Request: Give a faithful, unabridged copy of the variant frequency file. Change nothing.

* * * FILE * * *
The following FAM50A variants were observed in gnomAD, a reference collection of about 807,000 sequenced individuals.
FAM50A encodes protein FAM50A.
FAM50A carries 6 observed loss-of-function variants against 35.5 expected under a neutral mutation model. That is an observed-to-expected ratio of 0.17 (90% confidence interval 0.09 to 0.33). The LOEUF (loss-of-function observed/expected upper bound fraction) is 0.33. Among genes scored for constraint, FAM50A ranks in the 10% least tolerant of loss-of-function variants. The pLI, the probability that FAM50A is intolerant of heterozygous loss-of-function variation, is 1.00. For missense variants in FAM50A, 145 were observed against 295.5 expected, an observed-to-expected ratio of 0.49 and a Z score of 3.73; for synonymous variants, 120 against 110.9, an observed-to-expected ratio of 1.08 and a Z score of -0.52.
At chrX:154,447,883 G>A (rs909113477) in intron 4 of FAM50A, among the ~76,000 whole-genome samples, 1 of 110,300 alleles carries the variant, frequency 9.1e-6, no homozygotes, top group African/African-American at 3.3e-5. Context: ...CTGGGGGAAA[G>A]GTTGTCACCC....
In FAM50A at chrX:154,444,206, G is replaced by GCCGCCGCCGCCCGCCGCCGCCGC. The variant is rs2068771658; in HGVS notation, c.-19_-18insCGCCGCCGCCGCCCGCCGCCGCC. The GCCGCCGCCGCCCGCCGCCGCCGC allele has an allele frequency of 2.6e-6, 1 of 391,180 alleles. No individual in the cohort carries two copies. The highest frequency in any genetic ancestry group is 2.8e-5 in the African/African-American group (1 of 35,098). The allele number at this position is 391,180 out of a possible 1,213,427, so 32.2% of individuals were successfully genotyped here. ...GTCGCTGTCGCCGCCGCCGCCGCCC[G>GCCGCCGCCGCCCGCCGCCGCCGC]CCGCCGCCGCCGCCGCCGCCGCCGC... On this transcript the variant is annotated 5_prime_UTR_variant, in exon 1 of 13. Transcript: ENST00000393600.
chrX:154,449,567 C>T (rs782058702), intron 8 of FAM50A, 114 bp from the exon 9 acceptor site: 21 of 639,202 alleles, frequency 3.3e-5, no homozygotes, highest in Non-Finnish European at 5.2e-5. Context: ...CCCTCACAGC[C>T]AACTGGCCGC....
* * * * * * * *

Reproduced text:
The following FAM50A variants were observed in gnomAD, a reference collection of about 807,000 sequenced individuals.
FAM50A encodes protein FAM50A.
FAM50A carries 6 observed loss-of-function variants against 35.5 expected under a neutral mutation model. That is an observed-to-expected ratio of 0.17 (90% confidence interval 0.09 to 0.33). The LOEUF (loss-of-function observed/expected upper bound fraction) is 0.33. Among genes scored for constraint, FAM50A ranks in the 10% least tolerant of loss-of-function variants. The pLI, the probability that FAM50A is intolerant of heterozygous loss-of-function variation, is 1.00. For missense variants in FAM50A, 145 were observed against 295.5 expected, an observed-to-expected ratio of 0.49 and a Z score of 3.73; for synonymous variants, 120 against 110.9, an observed-to-expected ratio of 1.08 and a Z score of -0.52.
At chrX:154,447,883 G>A (rs909113477) in intron 4 of FAM50A, among the ~76,000 whole-genome samples, 1 of 110,300 alleles carries the variant, frequency 9.1e-6, no homozygotes, top group African/African-American at 3.3e-5. Context: ...CTGGGGGAAA[G>A]GTTGTCACCC....
In FAM50A at chrX:154,444,206, G is replaced by GCCGCCGCCGCCCGCCGCCGCCGC. The variant is rs2068771658; in HGVS notation, c.-19_-18insCGCCGCCGCCGCCCGCCGCCGCC. The GCCGCCGCCGCCCGCCGCCGCCGC allele has an allele frequency of 2.6e-6, 1 of 391,180 alleles. No individual in the cohort carries two copies. The highest frequency in any genetic ancestry group is 2.8e-5 in the African/African-American group (1 of 35,098). The allele number at this position is 391,180 out of a possible 1,213,427, so 32.2% of individuals were successfully genotyped here. ...GTCGCTGTCGCCGCCGCCGCCGCCC[G>GCCGCCGCCGCCCGCCGCCGCCGC]CCGCCGCCGCCGCCGCCGCCGCCGC... On this transcript the variant is annotated 5_prime_UTR_variant, in exon 1 of 13. Transcript: ENST00000393600.
chrX:154,449,567 C>T (rs782058702), intron 8 of FAM50A, 114 bp from the exon 9 acceptor site: 21 of 639,202 alleles, frequency 3.3e-5, no homozygotes, highest in Non-Finnish European at 5.2e-5. Context: ...CCCTCACAGC[C>T]AACTGGCCGC....